ROBERTS: Unless you live here, of course.


CHETRY: It doesn't feel that way.

ROBERTS: Thanks, Steph.

ELAM: Sure.

CHETRY: Well, in Mobile, Alabama, there are two Mardi Gras. One is a white celebration. The other, a black celebration. Hear in their own words why folks there are in no hurry, they say, to change this century-old tradition.

ROBERTS: Plus, our Rob Marciano is tracking extreme weather for us today.

And Rob, we're hoping it's just a little quieter today than it was yesterday.

ROB MARCIANO, CNN METEOROLOGIST: Oh, for sure, John. Dolly on her way out, dying a very slow death. Still creating some problems in southern Texas and heat is going to build across spots in the U.S. this weekend. Detailed forecast when AMERICAN MORNING comes right back.


CHETRY: Welcome back to AMERICAN MORNING. It's the country's oldest Mardi Gras Celebration. More than 300 years after the first parade through Mobile, Alabama, it's still segregated. But in a new documentary called "The Order of Myths," you'll see there's no outcry to change this tradition.

Here's CNN's Kareen Wynter.

KAREEN WYNTER, CNN ENTERTAINMENT CORRESPONDENT: Good morning, John and Kiran. You think Mardi Gras and New Orleans comes to mind. Well, a new documentary gives an eye opening look at this historic celebration in another part of the south that cuts along racial lines.


WYNTER (voice-over): This is Mardi Gras, Mobile style. And so is this. One white celebration, one black. Most of Mobile, Alabama's parade organizations are segregated except for newly formed integrated groups with one white member.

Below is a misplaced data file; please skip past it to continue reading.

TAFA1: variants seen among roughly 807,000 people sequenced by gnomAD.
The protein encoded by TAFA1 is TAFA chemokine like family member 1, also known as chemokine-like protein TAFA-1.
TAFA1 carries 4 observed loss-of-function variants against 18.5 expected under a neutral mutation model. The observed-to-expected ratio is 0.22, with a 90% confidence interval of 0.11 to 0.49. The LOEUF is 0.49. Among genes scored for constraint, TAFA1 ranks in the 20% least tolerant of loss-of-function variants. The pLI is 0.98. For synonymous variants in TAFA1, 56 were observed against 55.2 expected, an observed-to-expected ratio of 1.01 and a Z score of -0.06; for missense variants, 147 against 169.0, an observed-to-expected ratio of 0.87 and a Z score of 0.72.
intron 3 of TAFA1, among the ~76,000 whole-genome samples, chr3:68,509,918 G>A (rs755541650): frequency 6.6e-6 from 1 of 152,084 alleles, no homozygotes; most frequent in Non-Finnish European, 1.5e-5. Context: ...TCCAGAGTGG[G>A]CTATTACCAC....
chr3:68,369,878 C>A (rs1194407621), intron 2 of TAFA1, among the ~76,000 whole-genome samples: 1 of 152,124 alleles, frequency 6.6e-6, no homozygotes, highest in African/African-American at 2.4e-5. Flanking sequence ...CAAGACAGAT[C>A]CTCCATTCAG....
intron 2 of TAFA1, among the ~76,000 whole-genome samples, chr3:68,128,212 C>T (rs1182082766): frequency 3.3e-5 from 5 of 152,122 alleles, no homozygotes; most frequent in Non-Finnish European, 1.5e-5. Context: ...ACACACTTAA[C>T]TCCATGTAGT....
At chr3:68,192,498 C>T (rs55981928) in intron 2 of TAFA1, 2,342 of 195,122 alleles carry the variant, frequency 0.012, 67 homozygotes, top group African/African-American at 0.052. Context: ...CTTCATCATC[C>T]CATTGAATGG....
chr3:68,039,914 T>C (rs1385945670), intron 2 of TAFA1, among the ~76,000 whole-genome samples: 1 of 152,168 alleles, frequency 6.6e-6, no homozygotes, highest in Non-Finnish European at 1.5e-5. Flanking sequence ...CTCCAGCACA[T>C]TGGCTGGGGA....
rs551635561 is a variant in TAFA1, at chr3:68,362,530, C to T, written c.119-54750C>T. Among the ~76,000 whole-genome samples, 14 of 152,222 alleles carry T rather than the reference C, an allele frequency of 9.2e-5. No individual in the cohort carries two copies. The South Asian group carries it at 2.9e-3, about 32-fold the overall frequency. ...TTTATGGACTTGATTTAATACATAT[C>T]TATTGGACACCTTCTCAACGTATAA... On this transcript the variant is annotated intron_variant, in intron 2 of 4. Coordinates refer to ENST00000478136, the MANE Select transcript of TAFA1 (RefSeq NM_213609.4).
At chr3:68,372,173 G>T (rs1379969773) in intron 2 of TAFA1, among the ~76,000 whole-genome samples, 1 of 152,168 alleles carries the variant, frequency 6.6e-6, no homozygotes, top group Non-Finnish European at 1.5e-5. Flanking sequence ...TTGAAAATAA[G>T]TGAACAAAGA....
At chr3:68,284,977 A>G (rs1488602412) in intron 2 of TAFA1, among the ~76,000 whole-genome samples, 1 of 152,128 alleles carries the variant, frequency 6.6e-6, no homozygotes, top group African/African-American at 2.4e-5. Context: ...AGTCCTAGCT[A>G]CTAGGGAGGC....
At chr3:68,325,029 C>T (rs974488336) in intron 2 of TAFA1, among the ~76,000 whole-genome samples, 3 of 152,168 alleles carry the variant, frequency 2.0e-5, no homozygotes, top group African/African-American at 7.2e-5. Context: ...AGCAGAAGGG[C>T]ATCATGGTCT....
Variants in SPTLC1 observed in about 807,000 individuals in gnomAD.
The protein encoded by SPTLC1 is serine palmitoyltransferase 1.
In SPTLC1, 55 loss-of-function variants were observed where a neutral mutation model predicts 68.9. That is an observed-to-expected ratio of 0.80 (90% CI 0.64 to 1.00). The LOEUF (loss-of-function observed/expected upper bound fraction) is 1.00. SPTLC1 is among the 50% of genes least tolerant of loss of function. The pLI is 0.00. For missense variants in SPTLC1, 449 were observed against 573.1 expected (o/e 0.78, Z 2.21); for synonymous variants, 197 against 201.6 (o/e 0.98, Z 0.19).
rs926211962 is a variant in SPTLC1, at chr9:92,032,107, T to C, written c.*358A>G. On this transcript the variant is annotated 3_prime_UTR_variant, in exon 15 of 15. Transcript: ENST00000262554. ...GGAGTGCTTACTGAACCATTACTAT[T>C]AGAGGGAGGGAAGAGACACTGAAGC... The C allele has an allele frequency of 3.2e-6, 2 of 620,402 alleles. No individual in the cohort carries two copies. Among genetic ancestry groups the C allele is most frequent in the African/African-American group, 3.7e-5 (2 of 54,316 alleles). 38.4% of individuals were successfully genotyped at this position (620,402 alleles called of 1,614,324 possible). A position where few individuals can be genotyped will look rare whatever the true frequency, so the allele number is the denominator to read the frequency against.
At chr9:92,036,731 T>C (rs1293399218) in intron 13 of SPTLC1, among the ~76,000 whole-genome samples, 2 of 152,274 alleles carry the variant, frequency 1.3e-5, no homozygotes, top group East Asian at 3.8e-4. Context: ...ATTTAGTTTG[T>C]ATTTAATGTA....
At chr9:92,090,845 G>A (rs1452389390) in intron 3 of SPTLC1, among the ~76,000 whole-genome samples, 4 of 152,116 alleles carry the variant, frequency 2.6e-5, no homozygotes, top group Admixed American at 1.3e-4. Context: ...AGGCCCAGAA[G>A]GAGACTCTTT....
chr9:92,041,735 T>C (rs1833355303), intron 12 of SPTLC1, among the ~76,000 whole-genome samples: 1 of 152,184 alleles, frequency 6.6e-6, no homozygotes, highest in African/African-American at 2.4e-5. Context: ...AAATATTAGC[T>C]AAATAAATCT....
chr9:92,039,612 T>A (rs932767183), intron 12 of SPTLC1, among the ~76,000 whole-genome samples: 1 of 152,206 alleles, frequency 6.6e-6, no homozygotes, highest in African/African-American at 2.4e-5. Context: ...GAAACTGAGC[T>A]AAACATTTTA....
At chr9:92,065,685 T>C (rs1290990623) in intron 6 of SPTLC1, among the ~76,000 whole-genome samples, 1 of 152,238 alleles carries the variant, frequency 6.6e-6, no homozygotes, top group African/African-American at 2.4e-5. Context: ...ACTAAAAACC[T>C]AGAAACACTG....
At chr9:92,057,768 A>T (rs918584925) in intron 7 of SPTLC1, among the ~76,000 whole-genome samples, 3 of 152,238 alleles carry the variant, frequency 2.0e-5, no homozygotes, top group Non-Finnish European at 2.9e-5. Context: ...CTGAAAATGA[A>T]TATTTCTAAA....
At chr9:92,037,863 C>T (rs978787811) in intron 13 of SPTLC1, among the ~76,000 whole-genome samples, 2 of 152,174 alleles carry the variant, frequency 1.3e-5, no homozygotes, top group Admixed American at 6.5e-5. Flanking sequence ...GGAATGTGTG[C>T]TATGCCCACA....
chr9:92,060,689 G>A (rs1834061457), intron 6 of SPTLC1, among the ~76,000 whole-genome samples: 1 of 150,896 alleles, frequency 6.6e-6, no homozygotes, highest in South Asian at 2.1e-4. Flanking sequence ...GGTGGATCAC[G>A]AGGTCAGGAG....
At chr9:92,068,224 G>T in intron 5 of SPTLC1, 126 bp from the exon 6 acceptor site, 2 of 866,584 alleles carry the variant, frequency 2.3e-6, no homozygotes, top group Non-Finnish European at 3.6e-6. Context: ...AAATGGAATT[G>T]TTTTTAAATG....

If you're looking for racial outcry, you won't find much here. Both races actually embrace this age-old tradition.

UNIDENTIFIED MALE: My opinion, nothing needs to change.

UNIDENTIFIED FEMALE: I really don't think that Mobileans are really stressing over the issue.

WYNTER: The new documentary, "The Order Of Myths," follows the city's two groups of Mardi Gras Royalty. A white and black king and queen. And the lavish but separate festivities that might raise eyebrows elsewhere. But here in mobile is kept as tradition.

Film maker Margaret Brown, a Mobile native, whose mother was the Mardi Gras queen in 1966 explores the society that reveres its past.

MARGARET BROWN, DIRECTOR, "THE ORDER OF MYTHS": I think these are families that have been doing it for a long time on both sides. And, whereas they might want to start new traditions, they definitely want to hang on to what's personal.

WYNTER: Some of the images from the film might suggest traces of racial division in the south.

UNIDENTIFIED MALE: They put on a show just like the white people do. I mean, it gets a lot of well-educated colored people.

WYNTER: However, Brown says both sides respect each other's tradition.

BROWN: People want to move forward, you know, in Mobile and make this sort of, I would hope, a progressive city. I think there's also certain things that people just don't want to change.

WYNTER: New Orleans Mardi Gras organizations were integrated not long after the civil war according to the Louisiana State Museum.

JOSEPH ROBERSON, 2007 BLACK MARDI GRAS KING: I do like the idea of both organizations being able to represent themselves. But I think it would be very conducive for us to move forward.